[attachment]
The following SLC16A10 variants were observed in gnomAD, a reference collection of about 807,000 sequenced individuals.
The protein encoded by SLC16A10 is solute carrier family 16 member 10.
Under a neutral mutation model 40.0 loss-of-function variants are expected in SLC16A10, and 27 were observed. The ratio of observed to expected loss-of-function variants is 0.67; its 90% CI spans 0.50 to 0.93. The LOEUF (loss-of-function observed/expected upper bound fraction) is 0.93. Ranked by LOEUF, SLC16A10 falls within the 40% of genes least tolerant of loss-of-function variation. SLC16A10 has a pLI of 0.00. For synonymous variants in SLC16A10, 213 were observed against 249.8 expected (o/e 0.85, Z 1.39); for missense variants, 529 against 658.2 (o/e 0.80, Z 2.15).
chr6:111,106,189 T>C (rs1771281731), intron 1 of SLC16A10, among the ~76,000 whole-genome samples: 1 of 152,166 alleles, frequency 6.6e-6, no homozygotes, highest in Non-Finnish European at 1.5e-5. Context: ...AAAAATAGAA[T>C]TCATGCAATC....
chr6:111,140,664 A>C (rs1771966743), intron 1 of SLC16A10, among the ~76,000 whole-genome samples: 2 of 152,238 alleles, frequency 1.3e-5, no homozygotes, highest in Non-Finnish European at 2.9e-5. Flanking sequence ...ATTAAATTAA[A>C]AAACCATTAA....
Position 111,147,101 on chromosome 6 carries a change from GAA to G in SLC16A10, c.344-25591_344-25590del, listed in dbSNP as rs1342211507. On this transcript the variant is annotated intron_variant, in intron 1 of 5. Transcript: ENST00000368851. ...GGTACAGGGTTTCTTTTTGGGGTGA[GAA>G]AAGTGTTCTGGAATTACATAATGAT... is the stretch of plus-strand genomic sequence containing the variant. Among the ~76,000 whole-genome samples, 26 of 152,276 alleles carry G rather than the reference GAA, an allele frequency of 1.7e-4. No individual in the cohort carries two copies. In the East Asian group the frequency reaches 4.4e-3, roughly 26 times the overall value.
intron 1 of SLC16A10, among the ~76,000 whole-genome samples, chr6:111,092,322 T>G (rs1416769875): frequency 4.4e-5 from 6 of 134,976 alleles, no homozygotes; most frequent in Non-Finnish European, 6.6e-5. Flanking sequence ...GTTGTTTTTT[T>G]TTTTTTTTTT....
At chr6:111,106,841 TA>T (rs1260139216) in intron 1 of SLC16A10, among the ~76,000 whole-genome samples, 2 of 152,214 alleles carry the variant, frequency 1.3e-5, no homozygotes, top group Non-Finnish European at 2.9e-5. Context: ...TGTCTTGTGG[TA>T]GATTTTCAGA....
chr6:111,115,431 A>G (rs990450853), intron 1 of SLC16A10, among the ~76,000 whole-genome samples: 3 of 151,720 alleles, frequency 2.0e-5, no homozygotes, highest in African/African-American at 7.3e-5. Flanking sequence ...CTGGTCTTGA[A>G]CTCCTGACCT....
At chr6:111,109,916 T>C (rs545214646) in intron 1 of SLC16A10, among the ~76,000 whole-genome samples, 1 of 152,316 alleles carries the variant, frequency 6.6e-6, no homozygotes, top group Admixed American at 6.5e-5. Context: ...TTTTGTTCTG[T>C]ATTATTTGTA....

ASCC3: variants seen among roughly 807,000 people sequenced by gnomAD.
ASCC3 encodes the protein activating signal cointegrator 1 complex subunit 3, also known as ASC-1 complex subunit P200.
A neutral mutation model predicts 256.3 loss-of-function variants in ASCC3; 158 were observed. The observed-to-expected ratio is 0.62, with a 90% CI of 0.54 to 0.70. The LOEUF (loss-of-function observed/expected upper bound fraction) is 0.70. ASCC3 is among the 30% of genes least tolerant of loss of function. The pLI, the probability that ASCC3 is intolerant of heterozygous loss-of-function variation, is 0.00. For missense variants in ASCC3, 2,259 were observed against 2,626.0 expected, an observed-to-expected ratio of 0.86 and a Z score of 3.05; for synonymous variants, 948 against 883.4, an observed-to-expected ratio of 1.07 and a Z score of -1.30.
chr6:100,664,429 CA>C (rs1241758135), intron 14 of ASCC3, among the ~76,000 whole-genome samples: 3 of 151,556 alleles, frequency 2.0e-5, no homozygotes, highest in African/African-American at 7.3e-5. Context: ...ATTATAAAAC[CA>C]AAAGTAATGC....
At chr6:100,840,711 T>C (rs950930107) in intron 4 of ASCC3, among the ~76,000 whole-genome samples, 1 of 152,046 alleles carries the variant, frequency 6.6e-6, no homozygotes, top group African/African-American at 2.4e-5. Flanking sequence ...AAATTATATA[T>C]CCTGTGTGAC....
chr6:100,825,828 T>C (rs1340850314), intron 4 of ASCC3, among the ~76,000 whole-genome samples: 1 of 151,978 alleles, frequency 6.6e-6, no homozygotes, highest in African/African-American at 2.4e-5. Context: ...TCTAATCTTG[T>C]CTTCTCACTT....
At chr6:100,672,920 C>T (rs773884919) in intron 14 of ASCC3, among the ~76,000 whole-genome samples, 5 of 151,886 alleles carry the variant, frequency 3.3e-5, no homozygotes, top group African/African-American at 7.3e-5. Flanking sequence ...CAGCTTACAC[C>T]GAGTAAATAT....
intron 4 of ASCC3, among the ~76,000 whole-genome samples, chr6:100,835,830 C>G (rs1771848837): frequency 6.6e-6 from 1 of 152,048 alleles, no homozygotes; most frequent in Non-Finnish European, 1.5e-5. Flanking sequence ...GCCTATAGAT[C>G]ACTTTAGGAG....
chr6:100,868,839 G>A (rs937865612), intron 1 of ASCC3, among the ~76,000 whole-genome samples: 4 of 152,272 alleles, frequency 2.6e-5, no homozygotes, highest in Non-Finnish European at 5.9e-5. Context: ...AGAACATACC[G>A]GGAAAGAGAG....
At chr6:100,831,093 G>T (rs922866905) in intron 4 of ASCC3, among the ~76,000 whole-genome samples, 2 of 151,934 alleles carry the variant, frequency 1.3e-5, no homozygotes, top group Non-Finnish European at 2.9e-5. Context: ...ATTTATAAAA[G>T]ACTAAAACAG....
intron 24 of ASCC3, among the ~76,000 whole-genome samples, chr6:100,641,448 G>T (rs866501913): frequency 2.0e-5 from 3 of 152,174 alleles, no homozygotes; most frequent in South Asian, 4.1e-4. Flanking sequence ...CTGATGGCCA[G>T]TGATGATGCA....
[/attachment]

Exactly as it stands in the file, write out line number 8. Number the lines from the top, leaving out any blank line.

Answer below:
At chr6:111,106,841 TA>T (rs1260139216) in intron 1 of SLC16A10, among the ~76,000 whole-genome samples, 2 of 152,214 alleles carry the variant, frequency 1.3e-5, no homozygotes, top group Non-Finnish European at 2.9e-5. Context: ...TGTCTTGTGG[TA>T]GATTTTCAGA....